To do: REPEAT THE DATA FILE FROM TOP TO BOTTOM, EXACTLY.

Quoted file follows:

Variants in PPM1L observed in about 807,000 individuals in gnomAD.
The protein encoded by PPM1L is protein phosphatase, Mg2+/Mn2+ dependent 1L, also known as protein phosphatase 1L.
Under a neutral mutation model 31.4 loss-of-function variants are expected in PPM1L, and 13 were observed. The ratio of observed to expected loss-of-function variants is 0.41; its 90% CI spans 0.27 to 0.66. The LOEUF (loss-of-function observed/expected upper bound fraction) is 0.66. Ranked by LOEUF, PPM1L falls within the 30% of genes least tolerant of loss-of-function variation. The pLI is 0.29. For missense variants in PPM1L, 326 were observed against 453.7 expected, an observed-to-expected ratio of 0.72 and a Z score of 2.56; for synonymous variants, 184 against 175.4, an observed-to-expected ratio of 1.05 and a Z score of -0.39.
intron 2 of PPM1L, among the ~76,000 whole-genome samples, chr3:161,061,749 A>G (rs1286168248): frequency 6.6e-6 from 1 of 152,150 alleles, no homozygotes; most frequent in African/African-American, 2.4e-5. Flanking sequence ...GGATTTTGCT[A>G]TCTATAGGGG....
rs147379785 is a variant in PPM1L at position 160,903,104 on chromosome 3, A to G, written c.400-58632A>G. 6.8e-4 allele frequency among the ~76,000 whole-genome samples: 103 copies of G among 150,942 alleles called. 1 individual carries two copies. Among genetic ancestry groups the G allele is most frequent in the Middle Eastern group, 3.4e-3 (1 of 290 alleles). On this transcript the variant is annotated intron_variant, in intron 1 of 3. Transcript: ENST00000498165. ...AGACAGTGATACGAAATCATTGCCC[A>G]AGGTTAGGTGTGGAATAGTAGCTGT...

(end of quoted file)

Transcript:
Variants in PPM1L observed in about 807,000 individuals in gnomAD.
The protein encoded by PPM1L is protein phosphatase, Mg2+/Mn2+ dependent 1L, also known as protein phosphatase 1L.
Under a neutral mutation model 31.4 loss-of-function variants are expected in PPM1L, and 13 were observed. The ratio of observed to expected loss-of-function variants is 0.41; its 90% CI spans 0.27 to 0.66. The LOEUF (loss-of-function observed/expected upper bound fraction) is 0.66. Ranked by LOEUF, PPM1L falls within the 30% of genes least tolerant of loss-of-function variation. The pLI is 0.29. For missense variants in PPM1L, 326 were observed against 453.7 expected, an observed-to-expected ratio of 0.72 and a Z score of 2.56; for synonymous variants, 184 against 175.4, an observed-to-expected ratio of 1.05 and a Z score of -0.39.
intron 2 of PPM1L, among the ~76,000 whole-genome samples, chr3:161,061,749 A>G (rs1286168248): frequency 6.6e-6 from 1 of 152,150 alleles, no homozygotes; most frequent in African/African-American, 2.4e-5. Flanking sequence ...GGATTTTGCT[A>G]TCTATAGGGG....
rs147379785 is a variant in PPM1L at position 160,903,104 on chromosome 3, A to G, written c.400-58632A>G. 6.8e-4 allele frequency among the ~76,000 whole-genome samples: 103 copies of G among 150,942 alleles called. 1 individual carries two copies. Among genetic ancestry groups the G allele is most frequent in the Middle Eastern group, 3.4e-3 (1 of 290 alleles). On this transcript the variant is annotated intron_variant, in intron 1 of 3. Transcript: ENST00000498165. ...AGACAGTGATACGAAATCATTGCCC[A>G]AGGTTAGGTGTGGAATAGTAGCTGT...